Other items recovered were porcelain from Germany and Ching dynasty ginger jars from Chylong, China.

Porcelain from Germany was recovered from the Baltic. Courtesy of Steven Danforth Singer

Ching dynasty ginger jars from Chylong, China have been recovered from the Baltic. Courtesy of Steven Danforth Singer

Some recovered medical instruments included brass hypodermic needles and enema devices. Some of the rubber tubes of these bore the patent dates, and one of them read “Goodyear’s patent, 1857”.

Brass hypodermic needles, salvaged from the brig Baltic. Courtesy of Steven Danforth Singer

A porcelain bowl, made in Tunstall, England, was revered in the Baltic. Courtesy of Steven Danforth Singer

Hundreds of perfectly intact food bottles were also brought up by the divers. Many were still in their packing cases, the contents of which were still legibly printed on the outside. The pickle bottles still looked good enough to eat, although no one tried to. Bottles of apricots and capers were also recovered. Bottles of spirits were still stacked like 126 years ago.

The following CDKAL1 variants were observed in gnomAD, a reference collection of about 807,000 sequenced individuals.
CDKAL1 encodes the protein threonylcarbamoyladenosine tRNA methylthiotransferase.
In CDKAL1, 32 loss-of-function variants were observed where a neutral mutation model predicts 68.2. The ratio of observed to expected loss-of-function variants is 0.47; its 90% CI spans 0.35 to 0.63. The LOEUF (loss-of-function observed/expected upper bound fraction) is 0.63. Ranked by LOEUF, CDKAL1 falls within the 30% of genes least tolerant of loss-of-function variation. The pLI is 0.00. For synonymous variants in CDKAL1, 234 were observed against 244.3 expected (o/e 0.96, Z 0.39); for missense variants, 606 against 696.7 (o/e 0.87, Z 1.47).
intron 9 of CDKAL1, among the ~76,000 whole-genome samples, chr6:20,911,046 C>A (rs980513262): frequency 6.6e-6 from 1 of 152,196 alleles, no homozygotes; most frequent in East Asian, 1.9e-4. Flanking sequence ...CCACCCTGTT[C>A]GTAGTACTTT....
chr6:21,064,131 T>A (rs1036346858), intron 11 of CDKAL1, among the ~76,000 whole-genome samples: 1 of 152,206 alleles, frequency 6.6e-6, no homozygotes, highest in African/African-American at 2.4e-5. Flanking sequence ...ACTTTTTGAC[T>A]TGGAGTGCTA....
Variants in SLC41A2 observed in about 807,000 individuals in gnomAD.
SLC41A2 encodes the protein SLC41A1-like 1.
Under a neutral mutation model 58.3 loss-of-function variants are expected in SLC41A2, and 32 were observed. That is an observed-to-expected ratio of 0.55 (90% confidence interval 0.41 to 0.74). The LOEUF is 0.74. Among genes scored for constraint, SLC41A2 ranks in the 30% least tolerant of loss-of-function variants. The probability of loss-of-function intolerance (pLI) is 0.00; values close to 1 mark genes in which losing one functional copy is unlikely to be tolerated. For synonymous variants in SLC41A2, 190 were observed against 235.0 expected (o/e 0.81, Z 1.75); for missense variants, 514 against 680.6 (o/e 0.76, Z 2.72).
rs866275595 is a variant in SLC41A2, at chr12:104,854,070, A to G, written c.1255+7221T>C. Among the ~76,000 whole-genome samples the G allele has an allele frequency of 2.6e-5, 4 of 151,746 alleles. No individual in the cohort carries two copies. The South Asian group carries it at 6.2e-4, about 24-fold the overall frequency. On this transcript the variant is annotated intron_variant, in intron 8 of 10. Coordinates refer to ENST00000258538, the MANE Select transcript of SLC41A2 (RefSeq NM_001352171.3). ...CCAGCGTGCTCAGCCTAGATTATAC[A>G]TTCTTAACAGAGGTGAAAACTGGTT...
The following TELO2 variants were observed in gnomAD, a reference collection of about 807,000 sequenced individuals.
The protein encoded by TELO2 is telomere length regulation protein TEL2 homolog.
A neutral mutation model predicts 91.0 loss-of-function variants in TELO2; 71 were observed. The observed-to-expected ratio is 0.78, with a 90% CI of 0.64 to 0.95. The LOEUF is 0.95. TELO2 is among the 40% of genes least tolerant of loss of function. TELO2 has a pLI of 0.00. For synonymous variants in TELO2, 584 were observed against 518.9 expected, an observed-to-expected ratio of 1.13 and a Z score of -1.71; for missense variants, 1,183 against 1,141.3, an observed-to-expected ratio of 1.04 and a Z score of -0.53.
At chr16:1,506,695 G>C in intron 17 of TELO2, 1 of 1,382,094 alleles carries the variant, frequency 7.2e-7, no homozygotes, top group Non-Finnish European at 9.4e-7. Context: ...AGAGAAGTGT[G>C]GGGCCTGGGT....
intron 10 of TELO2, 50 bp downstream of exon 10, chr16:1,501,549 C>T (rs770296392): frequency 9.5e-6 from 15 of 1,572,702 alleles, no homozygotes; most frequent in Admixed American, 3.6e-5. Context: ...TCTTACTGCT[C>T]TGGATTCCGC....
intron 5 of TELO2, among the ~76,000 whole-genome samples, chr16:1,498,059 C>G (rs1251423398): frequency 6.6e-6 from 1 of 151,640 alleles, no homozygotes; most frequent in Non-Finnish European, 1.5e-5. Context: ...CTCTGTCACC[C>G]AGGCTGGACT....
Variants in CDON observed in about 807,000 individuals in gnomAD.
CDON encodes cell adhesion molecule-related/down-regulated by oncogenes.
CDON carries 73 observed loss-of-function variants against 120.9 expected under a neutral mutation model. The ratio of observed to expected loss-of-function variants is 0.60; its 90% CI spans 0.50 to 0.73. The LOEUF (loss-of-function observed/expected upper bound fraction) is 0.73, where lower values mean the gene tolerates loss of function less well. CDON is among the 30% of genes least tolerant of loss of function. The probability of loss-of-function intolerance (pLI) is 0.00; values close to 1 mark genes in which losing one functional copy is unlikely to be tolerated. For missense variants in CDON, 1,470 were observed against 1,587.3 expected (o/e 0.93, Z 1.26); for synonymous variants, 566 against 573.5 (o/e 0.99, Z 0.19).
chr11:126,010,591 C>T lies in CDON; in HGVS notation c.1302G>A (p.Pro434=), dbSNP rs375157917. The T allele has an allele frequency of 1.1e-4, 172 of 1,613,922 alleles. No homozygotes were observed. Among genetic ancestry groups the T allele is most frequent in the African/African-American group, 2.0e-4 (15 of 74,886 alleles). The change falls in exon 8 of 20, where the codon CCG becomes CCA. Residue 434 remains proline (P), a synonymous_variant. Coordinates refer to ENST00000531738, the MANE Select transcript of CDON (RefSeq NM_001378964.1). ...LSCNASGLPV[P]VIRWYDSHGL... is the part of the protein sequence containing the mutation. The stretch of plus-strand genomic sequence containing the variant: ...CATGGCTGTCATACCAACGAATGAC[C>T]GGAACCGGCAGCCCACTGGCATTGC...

Soon the reason for the dead fish in the area became apparent. Large quantities of medical bottles began to be recovered, believed to contain morphine, opium, arsenic and other chemicals. Chemical leaching from the wreck is what has killed fish in the area over the years.

The identity of the wreckage was determined when part of a wooden packing crate was recovered with the word “Brig Baltic, Texas”. A wooden mackerel barrel dated 1866 was also recovered, with the name of the packing company and “Gloucester, Massachusetts” printed on the outside. They now had the name of the ship, the year it sank, its destination, and proof that it came from a northeast port.